New research published this month found evidence that sharing historical context increased beliefs that (1) racial inequities exist and (2) that they are structural (not individual) in nature. It was most effective among White independents and Republicans. This research supports the importance of including historical narrative along with data and narratives when describing and addressing systemic inequities.
The housing treatment increased belief in racial inequality’s existence and belief in discrimination against African Americans as a structural cause of racial inequality among both white Independents and Republicans, but decreased racial resentment only among white Independents (and not white Republicans). By contrast, among white Republicans, the jobs treatment decreased racial resentment and increased belief in discrimination and a lack of educational opportunities among African Americans as causes of racial inequality, but did not increase belief in the existence of racial inequality itself.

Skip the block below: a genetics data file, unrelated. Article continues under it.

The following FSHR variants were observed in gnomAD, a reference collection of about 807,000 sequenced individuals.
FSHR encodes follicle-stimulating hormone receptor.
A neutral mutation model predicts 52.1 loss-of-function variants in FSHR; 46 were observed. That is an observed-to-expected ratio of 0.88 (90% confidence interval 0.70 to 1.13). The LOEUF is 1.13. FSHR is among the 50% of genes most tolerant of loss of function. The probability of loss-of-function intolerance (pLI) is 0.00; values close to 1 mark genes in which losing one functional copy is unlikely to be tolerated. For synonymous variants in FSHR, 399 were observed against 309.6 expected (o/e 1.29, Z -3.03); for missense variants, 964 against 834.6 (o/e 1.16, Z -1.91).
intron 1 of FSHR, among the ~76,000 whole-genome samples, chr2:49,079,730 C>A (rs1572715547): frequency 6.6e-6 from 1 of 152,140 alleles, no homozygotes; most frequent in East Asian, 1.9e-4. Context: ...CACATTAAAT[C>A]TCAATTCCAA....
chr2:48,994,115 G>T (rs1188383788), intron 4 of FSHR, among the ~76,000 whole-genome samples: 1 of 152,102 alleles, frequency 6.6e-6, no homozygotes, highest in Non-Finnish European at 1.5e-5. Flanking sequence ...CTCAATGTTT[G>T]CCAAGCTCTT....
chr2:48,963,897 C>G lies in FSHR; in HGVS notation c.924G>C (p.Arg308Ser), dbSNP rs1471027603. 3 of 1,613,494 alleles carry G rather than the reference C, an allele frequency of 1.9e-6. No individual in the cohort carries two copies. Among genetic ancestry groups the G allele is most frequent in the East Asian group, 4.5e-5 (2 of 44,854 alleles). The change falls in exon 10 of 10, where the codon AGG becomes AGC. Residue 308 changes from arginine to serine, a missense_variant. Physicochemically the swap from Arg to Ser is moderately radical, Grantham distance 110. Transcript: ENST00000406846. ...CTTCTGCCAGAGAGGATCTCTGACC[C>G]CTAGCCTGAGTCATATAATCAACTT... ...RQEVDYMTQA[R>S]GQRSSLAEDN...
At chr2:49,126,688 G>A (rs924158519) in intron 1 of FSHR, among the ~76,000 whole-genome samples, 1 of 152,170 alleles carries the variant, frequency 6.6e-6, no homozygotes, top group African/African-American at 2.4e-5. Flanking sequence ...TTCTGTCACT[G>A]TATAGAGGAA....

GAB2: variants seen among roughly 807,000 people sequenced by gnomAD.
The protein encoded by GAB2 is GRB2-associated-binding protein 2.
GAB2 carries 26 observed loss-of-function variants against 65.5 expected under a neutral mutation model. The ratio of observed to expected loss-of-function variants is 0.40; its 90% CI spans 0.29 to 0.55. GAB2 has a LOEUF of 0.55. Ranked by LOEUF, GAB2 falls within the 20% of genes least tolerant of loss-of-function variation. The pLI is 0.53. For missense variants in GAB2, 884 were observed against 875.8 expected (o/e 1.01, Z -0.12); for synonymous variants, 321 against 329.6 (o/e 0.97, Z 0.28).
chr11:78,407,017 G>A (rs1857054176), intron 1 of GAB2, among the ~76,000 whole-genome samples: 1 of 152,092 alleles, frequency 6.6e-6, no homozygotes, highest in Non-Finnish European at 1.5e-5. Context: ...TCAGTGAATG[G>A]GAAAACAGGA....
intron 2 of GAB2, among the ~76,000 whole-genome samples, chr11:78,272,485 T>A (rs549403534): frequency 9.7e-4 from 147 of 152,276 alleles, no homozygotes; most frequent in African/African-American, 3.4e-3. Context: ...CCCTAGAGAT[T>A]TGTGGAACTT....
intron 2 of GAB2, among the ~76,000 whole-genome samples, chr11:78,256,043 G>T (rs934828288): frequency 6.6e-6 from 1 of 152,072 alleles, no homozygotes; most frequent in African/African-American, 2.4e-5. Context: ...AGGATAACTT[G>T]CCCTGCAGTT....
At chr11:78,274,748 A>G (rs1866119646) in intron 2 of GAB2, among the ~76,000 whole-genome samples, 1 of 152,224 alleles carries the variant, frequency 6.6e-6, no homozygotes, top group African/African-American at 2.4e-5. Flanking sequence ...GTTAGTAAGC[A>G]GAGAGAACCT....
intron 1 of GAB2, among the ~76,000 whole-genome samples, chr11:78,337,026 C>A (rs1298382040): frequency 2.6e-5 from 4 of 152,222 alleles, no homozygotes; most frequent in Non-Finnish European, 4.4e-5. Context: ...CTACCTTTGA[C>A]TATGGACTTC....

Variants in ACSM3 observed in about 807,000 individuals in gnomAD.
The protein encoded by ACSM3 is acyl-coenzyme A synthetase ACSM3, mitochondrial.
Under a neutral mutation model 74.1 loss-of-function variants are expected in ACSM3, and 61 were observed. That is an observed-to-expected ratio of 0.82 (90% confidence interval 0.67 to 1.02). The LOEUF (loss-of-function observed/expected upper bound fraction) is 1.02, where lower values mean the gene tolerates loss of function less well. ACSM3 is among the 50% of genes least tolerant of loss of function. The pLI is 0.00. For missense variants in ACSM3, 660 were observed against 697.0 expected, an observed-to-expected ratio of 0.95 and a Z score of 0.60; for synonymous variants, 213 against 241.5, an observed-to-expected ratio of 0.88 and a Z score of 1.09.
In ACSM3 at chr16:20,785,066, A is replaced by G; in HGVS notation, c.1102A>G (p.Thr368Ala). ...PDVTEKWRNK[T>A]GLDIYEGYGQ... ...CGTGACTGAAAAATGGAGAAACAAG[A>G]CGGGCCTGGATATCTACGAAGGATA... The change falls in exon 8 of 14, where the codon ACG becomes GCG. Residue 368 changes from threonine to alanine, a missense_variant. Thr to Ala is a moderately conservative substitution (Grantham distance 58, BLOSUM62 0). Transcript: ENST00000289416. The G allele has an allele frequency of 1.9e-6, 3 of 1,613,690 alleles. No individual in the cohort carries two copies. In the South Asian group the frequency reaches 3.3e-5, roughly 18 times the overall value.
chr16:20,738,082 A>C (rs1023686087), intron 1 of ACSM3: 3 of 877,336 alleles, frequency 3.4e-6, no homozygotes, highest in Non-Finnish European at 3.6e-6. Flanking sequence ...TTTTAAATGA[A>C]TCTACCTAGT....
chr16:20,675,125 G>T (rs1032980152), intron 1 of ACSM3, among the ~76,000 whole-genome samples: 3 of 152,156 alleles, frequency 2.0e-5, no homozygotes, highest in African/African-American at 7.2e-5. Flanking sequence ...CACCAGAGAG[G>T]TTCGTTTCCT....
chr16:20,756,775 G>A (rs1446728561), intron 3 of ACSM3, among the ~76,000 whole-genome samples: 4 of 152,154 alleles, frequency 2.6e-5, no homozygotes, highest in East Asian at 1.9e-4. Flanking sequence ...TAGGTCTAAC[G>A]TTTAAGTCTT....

Taken together, these results provide evidence that information about the historical roots of contemporary racial inequality can in fact shape racial beliefs. In particular, we found that white respondents in the treatment conditions, rather than engaging in motivated reasoning and exhibiting divergent beliefs, seem to update their beliefs in the direction of the information they receive about the existence of racial inequality and the extent to which it is caused by structural factors when presented with specific information about past discriminatory policies.